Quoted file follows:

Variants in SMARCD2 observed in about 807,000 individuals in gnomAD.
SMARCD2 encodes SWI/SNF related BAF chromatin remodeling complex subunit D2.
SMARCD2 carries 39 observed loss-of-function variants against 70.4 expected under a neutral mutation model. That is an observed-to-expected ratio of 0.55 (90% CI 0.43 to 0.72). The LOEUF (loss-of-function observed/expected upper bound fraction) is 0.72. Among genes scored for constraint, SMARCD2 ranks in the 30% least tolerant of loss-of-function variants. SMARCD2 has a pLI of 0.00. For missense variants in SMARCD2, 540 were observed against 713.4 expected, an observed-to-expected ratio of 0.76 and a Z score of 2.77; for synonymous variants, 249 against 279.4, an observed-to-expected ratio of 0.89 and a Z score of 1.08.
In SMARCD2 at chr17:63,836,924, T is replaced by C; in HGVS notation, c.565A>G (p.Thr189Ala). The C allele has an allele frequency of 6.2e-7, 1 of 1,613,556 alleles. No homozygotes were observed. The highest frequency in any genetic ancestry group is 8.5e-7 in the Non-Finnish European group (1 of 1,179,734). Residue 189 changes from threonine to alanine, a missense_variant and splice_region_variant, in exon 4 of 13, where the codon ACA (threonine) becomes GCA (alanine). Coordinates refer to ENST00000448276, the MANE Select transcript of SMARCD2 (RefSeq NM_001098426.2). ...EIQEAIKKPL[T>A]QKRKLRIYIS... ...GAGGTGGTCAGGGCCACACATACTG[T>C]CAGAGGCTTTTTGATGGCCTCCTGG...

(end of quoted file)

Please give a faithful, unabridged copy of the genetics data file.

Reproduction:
Variants in SMARCD2 observed in about 807,000 individuals in gnomAD.
SMARCD2 encodes SWI/SNF related BAF chromatin remodeling complex subunit D2.
SMARCD2 carries 39 observed loss-of-function variants against 70.4 expected under a neutral mutation model. That is an observed-to-expected ratio of 0.55 (90% CI 0.43 to 0.72). The LOEUF (loss-of-function observed/expected upper bound fraction) is 0.72. Among genes scored for constraint, SMARCD2 ranks in the 30% least tolerant of loss-of-function variants. SMARCD2 has a pLI of 0.00. For missense variants in SMARCD2, 540 were observed against 713.4 expected, an observed-to-expected ratio of 0.76 and a Z score of 2.77; for synonymous variants, 249 against 279.4, an observed-to-expected ratio of 0.89 and a Z score of 1.08.
In SMARCD2 at chr17:63,836,924, T is replaced by C; in HGVS notation, c.565A>G (p.Thr189Ala). The C allele has an allele frequency of 6.2e-7, 1 of 1,613,556 alleles. No homozygotes were observed. The highest frequency in any genetic ancestry group is 8.5e-7 in the Non-Finnish European group (1 of 1,179,734). Residue 189 changes from threonine to alanine, a missense_variant and splice_region_variant, in exon 4 of 13, where the codon ACA (threonine) becomes GCA (alanine). Coordinates refer to ENST00000448276, the MANE Select transcript of SMARCD2 (RefSeq NM_001098426.2). ...EIQEAIKKPL[T>A]QKRKLRIYIS... ...GAGGTGGTCAGGGCCACACATACTG[T>C]CAGAGGCTTTTTGATGGCCTCCTGG...